A man who became homeless after a motor vehicle accident was awarded $1.28 million.
In Martin v Andrews  QSC 20 the Queensland Supreme Court awarded Mr Martin, who sustained soft tissue injuries to his neck and lower back in a motor vehicle accident, $1,282,572.10 plus costs. Liability was admitted by the insurer and the trial was based on the amount of damages only.
Mr Martin was 39 years of age when he was injured in the accident and was 44 years of age at the trial. Prior to the accident Mr Martin was a qualified electrical fitter/mechanic. The Court held that there was nothing in Mr Martin’s past to suggest that he was anything but "hard working, diligent and respected by his peers" and he was in good health.
Following the accident, Mr Martin did not return to any employment; he alleged that he could not re-enter the workforce as an electrical fitter/mechanic. Mr Martin thought of starting a business with his son in the electrical field using his skills and knowledge and his son’s labour, however his son was subsequently injured severely in an accident and was for a period in a coma. Insurance monies received from Mr Martin’s written off Land Rover in the accident went to discharge debts owing on his and his parent’s vehicles. The family farm was sold at the bank’s insistence over his strong opposition as he had invested substantial monies in the farm which he lost from the mortgagee sale. At the time of the trial Mr Martin owed $8,000 to the Australian Tax Office. The Court observed that Mr Martin followed a "nomadic" life, often living in caravan parks and "sleeping rough" using a swag. At one point Mr Martin was evicted because of poverty, and was robbed whilst living in a men’s shelter.
The insurer at the trial called into question Mr Martin’s credibility by relying on surveillance taken of him the weekend before the trial. The video showed the plaintiff at his campsite bending, squatting and "moving apparently quite freely". The court observed that his neck movements were "certainly freer" than he displayed at the courtroom. Mr Martin laid on the ground and looked under a vehicle for a short period. Mr Martin’s Queens Counsel at the trial submitted that there was no activity shown on the surveillance video that the plaintiff had ever claimed he could not do. This was accepted by the court.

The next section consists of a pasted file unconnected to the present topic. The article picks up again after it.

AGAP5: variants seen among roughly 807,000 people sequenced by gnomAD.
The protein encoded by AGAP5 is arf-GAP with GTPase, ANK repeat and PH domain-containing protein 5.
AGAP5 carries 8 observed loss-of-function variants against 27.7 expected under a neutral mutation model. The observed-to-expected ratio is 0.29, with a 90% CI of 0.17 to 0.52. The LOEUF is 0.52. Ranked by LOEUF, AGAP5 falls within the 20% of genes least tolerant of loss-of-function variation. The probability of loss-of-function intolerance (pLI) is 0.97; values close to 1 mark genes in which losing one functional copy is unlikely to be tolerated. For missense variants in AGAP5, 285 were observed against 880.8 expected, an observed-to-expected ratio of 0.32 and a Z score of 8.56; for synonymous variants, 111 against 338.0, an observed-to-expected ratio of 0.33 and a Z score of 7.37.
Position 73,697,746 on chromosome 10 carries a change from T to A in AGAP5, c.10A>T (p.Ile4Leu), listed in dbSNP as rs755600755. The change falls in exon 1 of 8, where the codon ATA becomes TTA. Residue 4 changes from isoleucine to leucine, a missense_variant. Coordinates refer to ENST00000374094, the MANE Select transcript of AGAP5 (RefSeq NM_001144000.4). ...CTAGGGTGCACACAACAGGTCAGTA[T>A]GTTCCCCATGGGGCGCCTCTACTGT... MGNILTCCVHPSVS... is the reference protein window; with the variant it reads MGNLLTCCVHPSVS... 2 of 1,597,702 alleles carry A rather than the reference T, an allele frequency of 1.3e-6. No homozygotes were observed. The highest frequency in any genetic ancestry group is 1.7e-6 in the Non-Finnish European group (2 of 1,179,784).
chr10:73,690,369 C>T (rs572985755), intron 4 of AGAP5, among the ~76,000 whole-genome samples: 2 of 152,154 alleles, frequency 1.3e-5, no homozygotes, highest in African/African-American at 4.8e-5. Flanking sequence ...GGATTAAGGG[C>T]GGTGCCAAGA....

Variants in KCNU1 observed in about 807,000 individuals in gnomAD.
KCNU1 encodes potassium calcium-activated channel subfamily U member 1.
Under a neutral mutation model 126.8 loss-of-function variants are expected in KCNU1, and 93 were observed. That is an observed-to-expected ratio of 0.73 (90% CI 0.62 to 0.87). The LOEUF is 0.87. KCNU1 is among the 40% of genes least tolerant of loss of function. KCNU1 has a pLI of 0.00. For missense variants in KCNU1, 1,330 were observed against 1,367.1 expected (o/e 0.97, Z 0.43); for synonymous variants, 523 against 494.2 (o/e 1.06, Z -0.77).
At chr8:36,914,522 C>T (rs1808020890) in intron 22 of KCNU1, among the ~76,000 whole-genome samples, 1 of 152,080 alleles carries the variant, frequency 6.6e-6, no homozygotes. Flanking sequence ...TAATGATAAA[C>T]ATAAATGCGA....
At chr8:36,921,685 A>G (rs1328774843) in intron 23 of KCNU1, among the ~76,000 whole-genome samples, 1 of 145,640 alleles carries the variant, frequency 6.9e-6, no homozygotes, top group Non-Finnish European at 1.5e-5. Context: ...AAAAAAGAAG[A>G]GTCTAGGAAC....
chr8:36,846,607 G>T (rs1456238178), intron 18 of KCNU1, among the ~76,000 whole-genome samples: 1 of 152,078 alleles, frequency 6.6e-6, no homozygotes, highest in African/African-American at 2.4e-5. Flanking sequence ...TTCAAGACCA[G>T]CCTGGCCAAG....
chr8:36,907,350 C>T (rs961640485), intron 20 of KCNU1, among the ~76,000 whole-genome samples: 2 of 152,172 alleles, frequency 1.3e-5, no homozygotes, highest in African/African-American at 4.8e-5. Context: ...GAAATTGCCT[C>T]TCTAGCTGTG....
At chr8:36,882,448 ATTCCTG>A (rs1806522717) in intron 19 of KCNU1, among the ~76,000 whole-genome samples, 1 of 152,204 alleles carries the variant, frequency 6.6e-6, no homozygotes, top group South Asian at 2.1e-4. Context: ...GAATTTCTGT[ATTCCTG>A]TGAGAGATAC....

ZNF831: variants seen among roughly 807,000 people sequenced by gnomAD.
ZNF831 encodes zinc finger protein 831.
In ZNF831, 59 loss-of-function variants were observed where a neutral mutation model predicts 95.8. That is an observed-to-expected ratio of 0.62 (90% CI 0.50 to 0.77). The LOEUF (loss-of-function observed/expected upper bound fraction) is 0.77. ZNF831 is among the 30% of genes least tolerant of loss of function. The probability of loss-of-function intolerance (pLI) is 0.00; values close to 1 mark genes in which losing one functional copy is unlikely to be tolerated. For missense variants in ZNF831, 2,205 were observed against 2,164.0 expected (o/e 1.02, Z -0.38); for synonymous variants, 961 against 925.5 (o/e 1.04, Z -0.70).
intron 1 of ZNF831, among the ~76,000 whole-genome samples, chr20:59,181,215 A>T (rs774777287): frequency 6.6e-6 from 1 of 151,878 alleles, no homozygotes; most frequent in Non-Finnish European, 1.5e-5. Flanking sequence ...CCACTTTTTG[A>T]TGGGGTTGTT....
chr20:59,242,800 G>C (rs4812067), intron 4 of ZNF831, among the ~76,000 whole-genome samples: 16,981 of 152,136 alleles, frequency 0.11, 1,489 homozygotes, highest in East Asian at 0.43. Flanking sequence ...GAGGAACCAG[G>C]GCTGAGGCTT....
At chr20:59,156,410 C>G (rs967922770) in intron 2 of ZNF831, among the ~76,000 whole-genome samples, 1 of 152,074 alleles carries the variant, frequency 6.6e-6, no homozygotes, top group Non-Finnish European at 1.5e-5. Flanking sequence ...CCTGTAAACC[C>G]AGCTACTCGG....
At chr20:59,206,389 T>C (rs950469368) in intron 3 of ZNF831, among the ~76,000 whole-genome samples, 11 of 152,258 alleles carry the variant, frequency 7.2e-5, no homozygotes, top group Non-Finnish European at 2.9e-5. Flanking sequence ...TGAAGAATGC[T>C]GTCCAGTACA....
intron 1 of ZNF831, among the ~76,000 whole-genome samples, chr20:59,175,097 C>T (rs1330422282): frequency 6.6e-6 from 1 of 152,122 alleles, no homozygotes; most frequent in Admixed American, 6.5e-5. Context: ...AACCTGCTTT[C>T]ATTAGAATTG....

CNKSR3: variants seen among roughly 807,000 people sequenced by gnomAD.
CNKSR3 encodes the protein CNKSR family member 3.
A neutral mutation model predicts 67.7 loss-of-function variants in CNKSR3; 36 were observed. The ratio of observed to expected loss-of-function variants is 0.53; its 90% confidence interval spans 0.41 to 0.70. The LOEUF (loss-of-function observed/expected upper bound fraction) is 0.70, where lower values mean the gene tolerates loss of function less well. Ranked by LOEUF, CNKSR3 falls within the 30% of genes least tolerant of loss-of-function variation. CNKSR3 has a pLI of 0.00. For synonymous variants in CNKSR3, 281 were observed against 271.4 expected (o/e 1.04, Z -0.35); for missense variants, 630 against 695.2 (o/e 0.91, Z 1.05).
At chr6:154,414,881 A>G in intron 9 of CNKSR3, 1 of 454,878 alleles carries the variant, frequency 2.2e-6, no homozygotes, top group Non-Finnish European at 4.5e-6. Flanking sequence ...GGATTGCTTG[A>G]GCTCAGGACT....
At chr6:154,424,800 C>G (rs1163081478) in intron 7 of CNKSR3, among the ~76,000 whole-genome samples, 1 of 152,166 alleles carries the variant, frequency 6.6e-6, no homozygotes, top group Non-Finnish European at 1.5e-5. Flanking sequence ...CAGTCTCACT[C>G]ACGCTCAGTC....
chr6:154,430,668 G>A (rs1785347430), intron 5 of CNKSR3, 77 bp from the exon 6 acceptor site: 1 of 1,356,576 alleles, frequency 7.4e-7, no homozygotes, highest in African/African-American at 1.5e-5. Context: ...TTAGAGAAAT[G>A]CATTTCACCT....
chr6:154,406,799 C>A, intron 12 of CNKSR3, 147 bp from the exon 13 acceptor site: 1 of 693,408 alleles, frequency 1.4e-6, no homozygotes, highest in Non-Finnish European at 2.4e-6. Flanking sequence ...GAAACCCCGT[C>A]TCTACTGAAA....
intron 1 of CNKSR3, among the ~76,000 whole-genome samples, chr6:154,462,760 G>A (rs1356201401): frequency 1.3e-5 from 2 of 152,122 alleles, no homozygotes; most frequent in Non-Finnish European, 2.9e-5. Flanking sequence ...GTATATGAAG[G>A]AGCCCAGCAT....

Mr Martin’s orthopaedic surgeon was of the opinion that Mr Martin was no longer able to perform his pre-injury occupation as an electrical fitter/mechanic due to the soft tissue injuries. Conversely, the insurer’s orthopaedic surgeon was of the opinion that Mr Martin was fit to return to work as an electrical fitter/mechanic.
The court preferred the evidence of Mr Martin’s orthopaedic surgeon and held that had the accident not occurred, Mr Martin would have continued to work as a self-employed electrical fitter/mechanic, earning approximately $2,000 net per week. Over 240 weeks, this totalled to approximately $400,000 for past economic loss.
Mr Martin was also awarded $750,000 for future economic loss which equated to around $800 net per week over 16 years.
Time will tell whether the insurer will appeal, but for now, Mr Martin has gone from living in caravan parks, sleeping in shelters and generally "sleeping rough", to a millionaire.
Accident Legal are experts in all road injury claims. Our goal is to maximise your compensation.
Should you or anyone you know be involved in a motor vehicle accident then please give us a call for a free, no obligation consultation on 1800 745 745. We offer all clients our no-win-no-fee guarantee.